Looking back, it’s incredible to think about the circumstances in which two of the most prolific hitters in Blue Jays history came to Toronto. Jose Bautista’s story is a tale in itself, but this time it’s Edwin Encarnacion’s turn.
This week’s Flashback Friday focuses on the trade from 2009 that send Scott Rolen to the Cincinnati Reds for none other than Edwin Encarnacion among others.
Heading into the 2009 trade deadline, the Blue Jays were 49-54 and a full 13 games back of the division-leading New York Yankees. Although Toronto started off the season strong, close to the end of July, the essentially waved the white flag.
In 2009, the Blue Jays traded several of their cornerstone franchise players; Alex Rios, Roy Halladay, and on July 31st, their third baseman, Scott Rolen. During the 2007 offseason, he requested a trade out of St. Louis and Toronto provided him a safe haven.
His 2008 season with the Blue Jays was met with mixed results, but Rolen proceeded to put up incredible numbers the following year; Scott Rolen owned a slash line of .320/.370/.476. And with another year on his contract, Rolen suddenly looked very good to prospective teams in the playoff race.
So as the Blue Jays began to come with grips that 2009 would not be their year to contend, they started to listen on offers on their best players; one of the main ones being Scott Rolen. It was also revealed that he approached management and requested a trade to be closer to home in Indiana.
Considering how well Rolen was playing and that he essentially forced J.P. Ricciardi’s hand, I’d say the Blue Jays got a pretty decent haul in return.
And while some were left sobbing playing “Viva La Vida” on repeat for hours on end, Scott Rolen’s departure would open up an opportunity for one of the players on their way coming back to Toronto.
The full trade was Scott Rolen for third baseman Edwin Encarnacion and pitchers Josh Roenicke and Zach Stewart. The Blue Jays also kicked in another $4 million dollars for the Reds, which was essentially the remainder of Rolen’s 2009 salary.
The trade was somewhat curious by the Reds because they were in a similar position in the standings as the Blue Jays; fourth place in the NL Central and 10 games back of the St. Louis Cardinals for the division lead.
At the time, Edwin Encarnacion was a maligned third baseman, but pitching prospects Zach Stewart and Josh Roenicke were viewed as the real steals of the trade from the Reds.
Stewart projected to be a starter while Josh Roenicke was looked upon as a potential late relief arm or closer of the future. Edwin Encarnacion was the forgotten man in the deal.
For the Reds, the acquisition of Scott Rolen was a clear upgrade at third base for them both offensively and defensively. Encarnacion struggled mightily at the hot corner that season with 73 errors in his first full four seasons in Cincinnati.
The Reds had signed Edwin to a two-year/$7.6 million dollar contract to buy out his first two years of arbitration, and after the results of his 2008 and 2009 campaign, they were more than happy to dump the remainder of the contract on the Blue Jays.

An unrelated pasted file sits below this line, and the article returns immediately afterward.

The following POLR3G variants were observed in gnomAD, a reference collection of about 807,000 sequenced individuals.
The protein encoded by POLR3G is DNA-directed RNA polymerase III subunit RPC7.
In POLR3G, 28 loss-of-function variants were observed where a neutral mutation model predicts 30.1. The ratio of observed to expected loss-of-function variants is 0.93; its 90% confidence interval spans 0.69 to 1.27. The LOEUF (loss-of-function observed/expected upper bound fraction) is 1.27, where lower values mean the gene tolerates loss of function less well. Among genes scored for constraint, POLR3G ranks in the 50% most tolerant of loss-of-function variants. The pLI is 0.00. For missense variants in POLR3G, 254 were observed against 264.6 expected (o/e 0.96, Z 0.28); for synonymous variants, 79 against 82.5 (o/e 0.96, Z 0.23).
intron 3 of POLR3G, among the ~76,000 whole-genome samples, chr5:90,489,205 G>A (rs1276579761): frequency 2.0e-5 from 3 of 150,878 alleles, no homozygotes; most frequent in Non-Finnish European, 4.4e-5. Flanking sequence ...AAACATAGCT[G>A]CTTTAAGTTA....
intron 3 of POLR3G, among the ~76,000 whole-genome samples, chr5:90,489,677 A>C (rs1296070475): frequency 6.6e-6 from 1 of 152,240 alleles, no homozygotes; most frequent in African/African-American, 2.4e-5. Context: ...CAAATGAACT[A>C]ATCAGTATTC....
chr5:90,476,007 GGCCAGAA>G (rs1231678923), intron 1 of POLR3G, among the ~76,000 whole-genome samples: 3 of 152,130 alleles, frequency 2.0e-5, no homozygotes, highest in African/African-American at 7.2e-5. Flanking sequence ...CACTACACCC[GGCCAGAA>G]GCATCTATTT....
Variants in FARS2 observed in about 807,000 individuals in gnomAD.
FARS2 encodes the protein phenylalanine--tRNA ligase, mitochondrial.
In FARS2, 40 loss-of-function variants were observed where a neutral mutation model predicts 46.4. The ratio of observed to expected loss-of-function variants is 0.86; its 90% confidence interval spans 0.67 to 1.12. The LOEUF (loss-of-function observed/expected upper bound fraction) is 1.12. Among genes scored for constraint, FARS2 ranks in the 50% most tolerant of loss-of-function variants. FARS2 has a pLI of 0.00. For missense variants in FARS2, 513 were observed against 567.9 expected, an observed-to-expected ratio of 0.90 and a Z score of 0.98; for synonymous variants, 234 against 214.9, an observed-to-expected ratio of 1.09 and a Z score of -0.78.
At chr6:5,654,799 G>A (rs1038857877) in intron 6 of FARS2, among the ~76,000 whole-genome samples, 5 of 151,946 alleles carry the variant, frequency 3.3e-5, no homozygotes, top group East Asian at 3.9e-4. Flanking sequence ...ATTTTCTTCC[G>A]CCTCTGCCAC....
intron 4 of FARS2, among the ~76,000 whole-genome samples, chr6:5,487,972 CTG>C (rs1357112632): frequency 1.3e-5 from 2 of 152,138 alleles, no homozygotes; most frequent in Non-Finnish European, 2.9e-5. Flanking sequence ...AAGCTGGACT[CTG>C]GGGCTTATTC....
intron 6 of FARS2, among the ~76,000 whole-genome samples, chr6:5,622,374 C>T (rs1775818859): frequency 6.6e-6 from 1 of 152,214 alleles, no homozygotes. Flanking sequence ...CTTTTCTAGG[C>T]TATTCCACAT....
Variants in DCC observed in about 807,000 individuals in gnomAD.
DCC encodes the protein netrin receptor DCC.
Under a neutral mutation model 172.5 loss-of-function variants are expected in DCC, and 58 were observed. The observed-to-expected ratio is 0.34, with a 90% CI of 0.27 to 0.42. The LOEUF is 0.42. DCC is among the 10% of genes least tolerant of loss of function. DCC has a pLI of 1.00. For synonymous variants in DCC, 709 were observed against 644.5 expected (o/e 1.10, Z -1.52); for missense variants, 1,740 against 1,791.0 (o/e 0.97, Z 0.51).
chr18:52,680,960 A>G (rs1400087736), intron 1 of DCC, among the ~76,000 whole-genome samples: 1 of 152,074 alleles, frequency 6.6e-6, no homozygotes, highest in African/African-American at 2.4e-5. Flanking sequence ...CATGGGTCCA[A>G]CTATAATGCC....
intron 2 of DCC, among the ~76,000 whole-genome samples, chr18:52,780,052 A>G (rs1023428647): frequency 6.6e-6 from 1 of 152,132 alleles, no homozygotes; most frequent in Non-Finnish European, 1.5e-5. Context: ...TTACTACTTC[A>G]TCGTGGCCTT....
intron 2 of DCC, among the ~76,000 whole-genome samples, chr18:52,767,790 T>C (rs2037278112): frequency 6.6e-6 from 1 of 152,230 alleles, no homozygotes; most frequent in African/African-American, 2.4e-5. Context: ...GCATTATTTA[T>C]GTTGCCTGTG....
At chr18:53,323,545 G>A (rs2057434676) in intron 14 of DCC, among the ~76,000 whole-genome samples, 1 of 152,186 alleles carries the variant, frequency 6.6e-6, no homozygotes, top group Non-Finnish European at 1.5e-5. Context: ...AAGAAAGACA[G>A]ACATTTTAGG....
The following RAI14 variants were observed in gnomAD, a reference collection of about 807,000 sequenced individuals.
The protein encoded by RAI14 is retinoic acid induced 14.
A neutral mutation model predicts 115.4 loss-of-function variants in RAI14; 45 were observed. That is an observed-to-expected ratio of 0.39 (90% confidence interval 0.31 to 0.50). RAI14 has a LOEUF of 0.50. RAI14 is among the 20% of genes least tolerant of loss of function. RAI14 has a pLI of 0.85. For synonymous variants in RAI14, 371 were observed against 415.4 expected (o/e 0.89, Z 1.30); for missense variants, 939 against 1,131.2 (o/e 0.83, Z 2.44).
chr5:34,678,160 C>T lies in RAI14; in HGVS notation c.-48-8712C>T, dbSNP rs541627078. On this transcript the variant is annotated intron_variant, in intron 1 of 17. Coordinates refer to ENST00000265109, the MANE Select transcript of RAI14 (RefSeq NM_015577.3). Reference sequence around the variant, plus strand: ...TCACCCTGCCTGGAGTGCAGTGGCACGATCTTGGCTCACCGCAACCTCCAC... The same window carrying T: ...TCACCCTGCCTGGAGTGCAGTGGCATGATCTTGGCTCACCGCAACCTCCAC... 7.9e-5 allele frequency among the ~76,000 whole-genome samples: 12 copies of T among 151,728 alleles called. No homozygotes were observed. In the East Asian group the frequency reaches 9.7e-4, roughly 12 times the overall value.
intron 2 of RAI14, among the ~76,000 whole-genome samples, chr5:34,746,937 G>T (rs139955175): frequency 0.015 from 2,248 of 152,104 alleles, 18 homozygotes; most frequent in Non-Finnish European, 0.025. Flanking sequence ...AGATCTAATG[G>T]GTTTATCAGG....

Because Edwin Encarnacion hit 26 home runs during his 2008 campaign, I think the Reds (and to some extent the Blue Jays as well) overlooked his defensive shortcomings for his potential to hit the ball out of the ballpark.
Encarnacion projected to be a power bat by posting 15 or more home runs from 2006-2008, but he was clearly a liability at third base; perhaps that’s the main reason the Reds opted to go with the slick-fielding Rolen at third base instead.
In retrospect, the trade was a clear win for the Blue Jays as Edwin Encarnacion eventually developed into one of the best power hitters in all of baseball, but that was before he was designated for assignment by the Blue Jays following the 2010 season.
The Oakland A’s acquired Encarnacion shortly thereafter, but they also jettisoned him and the Blue Jays wisely brought him back on a one-year deal with an option.
The Reds also made out fairly well in the trade, considering the following year, Cincinnati captured the NL Central title. But even then, the trade was viewed as a win for the Reds because they still had the best player in the deal: Scott Rolen.
Josh Roenicke was immediately put into middle relief with the Blue Jays and it was met with mixed results the following season as well. He was eventually let go by Toronto, but enjoyed some brief success with the Colorado Rockies.
Zach Stewart was touted as a blue chip prospect, and in 2009 he rocketed through the ranks by starting the season in Single A and eventually finishing his campaign in Triple A with the Las Vegas 51’s.
Stewart was called up to the Blue Jays in 2010 but struggled at the Major League level. At the 2010 deadline, he was involved in the three team trade which saw him shipped to the Chicago White Sox and Colby Rasmus came to the Blue Jays.
Judging by how dominant Edwin Encarnacion has been these past few years, you’d think he was the type of player that was drafted and developed to be born into a star like Bryce Harper or Mike Trout. But Edwin’s path to stardom was not a linear path.
Encarnacion was essentially a throw-in player of the Scott Rolen trade and a salary dump by the Cincinnati Reds. And after a couple of chances with the Blue Jays, he’s become one of their most feared hitters in recent memory.
Not too bad for a guy who was cast aside by not one, not two, but three organizations.